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Slash And Burn

British Petroleum has some major cost-cutting to do. Thanks to a plunging crude price, oil and gas companies such as Chevron, ConocoPhillips and Statoil have seen a slump in earnings, forcing them to cut down on expenditure and the story is no different for BP. After already cutting hundreds of jobs in Aberdeen and at many more locations around the world, BP is expected to slash billions off its capital expenditure program. These measures have come on the heels of the company’s upstream operations showing a fall in earnings by 73% as compared with last year and its full-year profit crashing to $9.3 billion from $23.4 billion a year earlier. Looks like the upstream industry is not so upbeat anymore.

Up For Sale

Many a power plant in Germany has lost power and are set to be sold off. Thanks to Germany’s shift to renewable energy, which expected to provide 45% of power to Germans by 2025, electricity prices have fallen drastically, resulting in Germany’s largest power producers RWE AG and EON SE selling off their gas-fired plants. RWE has more than six gas-fired generators mothballed in Germany and the Netherlands, which may never be needed in their home market again. With falling gas prices and either the plant or its parts such as the turbines being put on the block in most cases, opportunities are rife for buyers across the world to snap up facilities at a bargain.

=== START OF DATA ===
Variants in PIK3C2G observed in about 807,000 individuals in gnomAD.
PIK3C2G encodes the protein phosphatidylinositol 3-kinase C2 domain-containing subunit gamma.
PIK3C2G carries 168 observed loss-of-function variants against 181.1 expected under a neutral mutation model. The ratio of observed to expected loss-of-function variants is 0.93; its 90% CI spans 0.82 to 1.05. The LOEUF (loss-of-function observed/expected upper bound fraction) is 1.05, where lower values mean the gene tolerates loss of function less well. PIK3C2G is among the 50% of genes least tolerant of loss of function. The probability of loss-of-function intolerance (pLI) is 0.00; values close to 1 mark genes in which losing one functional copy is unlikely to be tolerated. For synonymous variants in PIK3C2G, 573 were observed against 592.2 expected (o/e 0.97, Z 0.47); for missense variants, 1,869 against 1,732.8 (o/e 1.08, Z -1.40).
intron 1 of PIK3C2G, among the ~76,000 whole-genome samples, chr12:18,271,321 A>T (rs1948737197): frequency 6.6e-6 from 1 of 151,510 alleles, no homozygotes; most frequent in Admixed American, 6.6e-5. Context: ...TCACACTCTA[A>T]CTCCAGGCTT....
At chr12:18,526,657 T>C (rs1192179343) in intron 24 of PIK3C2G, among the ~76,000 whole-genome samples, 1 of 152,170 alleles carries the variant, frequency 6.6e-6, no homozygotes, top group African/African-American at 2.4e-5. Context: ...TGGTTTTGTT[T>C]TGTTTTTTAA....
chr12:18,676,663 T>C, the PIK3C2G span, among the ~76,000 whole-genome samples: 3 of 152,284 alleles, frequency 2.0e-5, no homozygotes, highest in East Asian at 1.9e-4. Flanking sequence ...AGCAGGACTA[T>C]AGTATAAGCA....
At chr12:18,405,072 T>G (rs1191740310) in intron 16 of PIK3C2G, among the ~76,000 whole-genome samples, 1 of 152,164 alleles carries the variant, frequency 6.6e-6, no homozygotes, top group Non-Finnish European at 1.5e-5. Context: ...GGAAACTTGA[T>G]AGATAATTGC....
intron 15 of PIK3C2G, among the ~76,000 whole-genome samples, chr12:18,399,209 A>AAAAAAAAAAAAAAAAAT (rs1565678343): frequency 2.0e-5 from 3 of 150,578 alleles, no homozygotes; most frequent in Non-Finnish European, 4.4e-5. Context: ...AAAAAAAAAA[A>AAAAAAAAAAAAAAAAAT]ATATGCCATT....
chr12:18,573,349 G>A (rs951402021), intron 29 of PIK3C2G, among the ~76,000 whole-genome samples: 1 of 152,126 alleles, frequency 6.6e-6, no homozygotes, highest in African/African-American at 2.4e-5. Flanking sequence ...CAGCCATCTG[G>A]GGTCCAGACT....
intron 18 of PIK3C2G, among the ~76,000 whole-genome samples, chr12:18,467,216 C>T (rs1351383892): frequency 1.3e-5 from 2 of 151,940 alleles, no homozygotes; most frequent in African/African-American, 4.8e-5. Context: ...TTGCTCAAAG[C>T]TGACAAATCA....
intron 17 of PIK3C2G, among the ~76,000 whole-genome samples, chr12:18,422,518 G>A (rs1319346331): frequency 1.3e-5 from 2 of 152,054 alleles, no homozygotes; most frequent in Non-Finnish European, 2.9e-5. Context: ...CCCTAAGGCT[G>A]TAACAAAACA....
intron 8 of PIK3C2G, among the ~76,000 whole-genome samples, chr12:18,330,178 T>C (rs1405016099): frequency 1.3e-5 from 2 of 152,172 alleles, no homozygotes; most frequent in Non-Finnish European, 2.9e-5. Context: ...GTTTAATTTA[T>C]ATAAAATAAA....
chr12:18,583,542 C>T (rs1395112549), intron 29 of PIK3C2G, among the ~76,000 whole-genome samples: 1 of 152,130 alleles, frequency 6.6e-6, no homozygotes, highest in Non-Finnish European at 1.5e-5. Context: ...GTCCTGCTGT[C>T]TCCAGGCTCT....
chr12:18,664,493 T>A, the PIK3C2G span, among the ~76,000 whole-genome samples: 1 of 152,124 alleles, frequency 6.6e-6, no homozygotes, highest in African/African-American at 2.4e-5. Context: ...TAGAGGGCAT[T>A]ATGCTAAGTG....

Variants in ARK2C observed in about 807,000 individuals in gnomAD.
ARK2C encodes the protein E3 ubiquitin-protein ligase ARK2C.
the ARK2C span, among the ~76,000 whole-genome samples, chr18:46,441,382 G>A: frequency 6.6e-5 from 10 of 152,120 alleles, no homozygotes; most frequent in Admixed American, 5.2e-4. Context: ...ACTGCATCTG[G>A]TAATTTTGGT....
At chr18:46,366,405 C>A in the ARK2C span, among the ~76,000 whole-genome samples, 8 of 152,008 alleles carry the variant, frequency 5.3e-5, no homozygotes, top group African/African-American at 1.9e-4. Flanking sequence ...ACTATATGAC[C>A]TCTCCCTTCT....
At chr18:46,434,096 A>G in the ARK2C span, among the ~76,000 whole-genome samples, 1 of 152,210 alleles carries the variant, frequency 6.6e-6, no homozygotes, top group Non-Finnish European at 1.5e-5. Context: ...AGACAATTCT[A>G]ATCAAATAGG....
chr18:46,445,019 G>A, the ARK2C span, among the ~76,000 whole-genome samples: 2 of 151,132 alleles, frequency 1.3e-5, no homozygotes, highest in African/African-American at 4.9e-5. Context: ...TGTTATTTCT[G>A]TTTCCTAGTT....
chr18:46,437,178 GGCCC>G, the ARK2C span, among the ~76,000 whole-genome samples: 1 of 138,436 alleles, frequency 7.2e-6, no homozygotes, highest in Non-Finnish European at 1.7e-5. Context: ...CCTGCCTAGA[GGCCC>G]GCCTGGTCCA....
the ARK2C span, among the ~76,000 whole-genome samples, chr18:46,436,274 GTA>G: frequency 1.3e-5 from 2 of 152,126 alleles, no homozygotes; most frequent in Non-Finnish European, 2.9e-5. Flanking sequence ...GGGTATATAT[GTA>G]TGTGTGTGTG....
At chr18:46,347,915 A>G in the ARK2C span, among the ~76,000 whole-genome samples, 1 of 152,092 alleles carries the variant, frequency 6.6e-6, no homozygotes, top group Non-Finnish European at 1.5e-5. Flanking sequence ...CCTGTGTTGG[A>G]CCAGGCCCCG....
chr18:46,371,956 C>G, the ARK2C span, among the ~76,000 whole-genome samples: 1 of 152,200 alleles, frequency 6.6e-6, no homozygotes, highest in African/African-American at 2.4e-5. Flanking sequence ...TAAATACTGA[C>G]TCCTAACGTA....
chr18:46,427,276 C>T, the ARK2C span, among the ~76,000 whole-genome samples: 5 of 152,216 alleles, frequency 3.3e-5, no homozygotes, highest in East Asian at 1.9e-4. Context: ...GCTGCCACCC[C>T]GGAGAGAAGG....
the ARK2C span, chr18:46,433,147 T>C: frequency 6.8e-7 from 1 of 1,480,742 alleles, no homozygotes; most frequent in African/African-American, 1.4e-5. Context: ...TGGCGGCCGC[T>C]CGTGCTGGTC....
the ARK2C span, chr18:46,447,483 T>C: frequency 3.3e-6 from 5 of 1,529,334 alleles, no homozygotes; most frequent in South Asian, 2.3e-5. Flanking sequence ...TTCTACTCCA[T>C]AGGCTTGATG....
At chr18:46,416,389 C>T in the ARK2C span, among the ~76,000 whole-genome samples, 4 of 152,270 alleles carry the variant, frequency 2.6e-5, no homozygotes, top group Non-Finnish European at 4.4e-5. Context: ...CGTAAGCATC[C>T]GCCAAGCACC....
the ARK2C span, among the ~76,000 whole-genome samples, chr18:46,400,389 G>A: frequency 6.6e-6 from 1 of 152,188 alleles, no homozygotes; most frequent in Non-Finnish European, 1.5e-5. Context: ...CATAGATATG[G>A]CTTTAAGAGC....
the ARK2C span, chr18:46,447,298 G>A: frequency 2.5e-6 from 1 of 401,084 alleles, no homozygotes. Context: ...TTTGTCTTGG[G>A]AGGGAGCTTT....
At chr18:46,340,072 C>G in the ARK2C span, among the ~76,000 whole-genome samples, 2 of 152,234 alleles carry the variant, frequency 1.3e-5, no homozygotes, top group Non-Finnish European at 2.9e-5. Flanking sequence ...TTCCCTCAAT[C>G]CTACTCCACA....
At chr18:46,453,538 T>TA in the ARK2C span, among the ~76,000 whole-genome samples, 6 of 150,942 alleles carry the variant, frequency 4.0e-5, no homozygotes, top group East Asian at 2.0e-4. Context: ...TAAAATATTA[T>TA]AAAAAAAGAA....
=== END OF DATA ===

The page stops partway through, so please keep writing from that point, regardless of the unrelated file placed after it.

Shaking It Up

Shake Shack and its investors are not the only ones gaining from its debut on the stock market. While investors gobbled up the stock valuing it at $2 billion, hundreds of New Yorkers feasted on free burgers outside NYSE after its stock, priced at $21, jumped to almost $50 and closed at around $46. Most content of all, however, seems to be founder Danny Meyer. Having raised $105 million through its IPO, his stake was last valued at $342 million. Not bad for something that started out from a food cart.

Korean Knot

That marriages promote an entire ancillary industry is known but who knew that an economy could slow down because people aren’t getting married? Turns out that the South Korean economy expanded only 0.4% in the fourth quarter. The Bank of Korea has blamed it on the decline in marriages. The reason? Couples are rescheduling their weddings because of the leap month, which is considered inauspicious for couples. Some leap of faith, this.

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